Children and young people do not escape family violence unaffected. It destabilises the foundations of their development and undermines the strengths of their relationships which can overwhelm them.
Experiences of family violence define what children can say when and to whom. It dictates what they should think. It determines how they should react. It sometimes makes the truth a secret.
For children, family violence often disconnects them from their family, their community and their place in the world. It disrupts how everything works. It forces their routines to be less certain, less predictable. Children experience loss as a result of family violence. They sometimes have to leave behind their room, their home, their neighbourhood. Some have to change schools. They miss their teachers, their friends.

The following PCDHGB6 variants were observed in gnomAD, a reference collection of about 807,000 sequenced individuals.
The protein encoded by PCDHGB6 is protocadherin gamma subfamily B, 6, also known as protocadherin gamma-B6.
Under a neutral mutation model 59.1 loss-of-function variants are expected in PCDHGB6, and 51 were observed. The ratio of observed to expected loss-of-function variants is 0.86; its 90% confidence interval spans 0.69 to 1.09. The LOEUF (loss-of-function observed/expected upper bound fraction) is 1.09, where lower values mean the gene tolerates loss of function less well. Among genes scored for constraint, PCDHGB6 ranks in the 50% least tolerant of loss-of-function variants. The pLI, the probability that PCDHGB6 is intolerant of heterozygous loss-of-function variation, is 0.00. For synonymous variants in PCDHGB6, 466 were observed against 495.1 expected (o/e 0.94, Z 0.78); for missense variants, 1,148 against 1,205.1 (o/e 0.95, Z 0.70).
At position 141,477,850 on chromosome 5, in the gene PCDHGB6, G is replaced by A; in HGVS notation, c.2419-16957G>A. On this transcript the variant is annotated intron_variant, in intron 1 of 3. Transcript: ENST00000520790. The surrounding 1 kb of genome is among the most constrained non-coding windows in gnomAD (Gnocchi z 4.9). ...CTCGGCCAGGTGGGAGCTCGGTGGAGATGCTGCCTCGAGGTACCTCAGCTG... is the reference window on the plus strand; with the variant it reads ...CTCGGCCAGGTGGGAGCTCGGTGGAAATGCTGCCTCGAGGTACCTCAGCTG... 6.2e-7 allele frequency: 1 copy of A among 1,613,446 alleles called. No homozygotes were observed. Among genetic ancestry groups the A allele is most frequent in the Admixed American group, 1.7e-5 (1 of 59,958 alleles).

Finding the courage to leave a violent relationship and rebuild the life of their family requires mothers and children to meet many complex challenges. The aftermath of family violence can affect the ways in which children and mothers interact. It can affect the confidence of mothers to understand and meet the developmental needs of their children. In the mix, there is the need to understand whether to and/or how to involve the parent who has acted violently. This one day workshop explores all of these elements and supports practitioners to work in a child focused and relationally reparative context with parents and children following experiences of family violence. It is grounded in the extensive work of the Australian Childhood Foundation in the family violence sector where their ongoing focus on supporting children who have experienced violence is long acknowledged and well respected.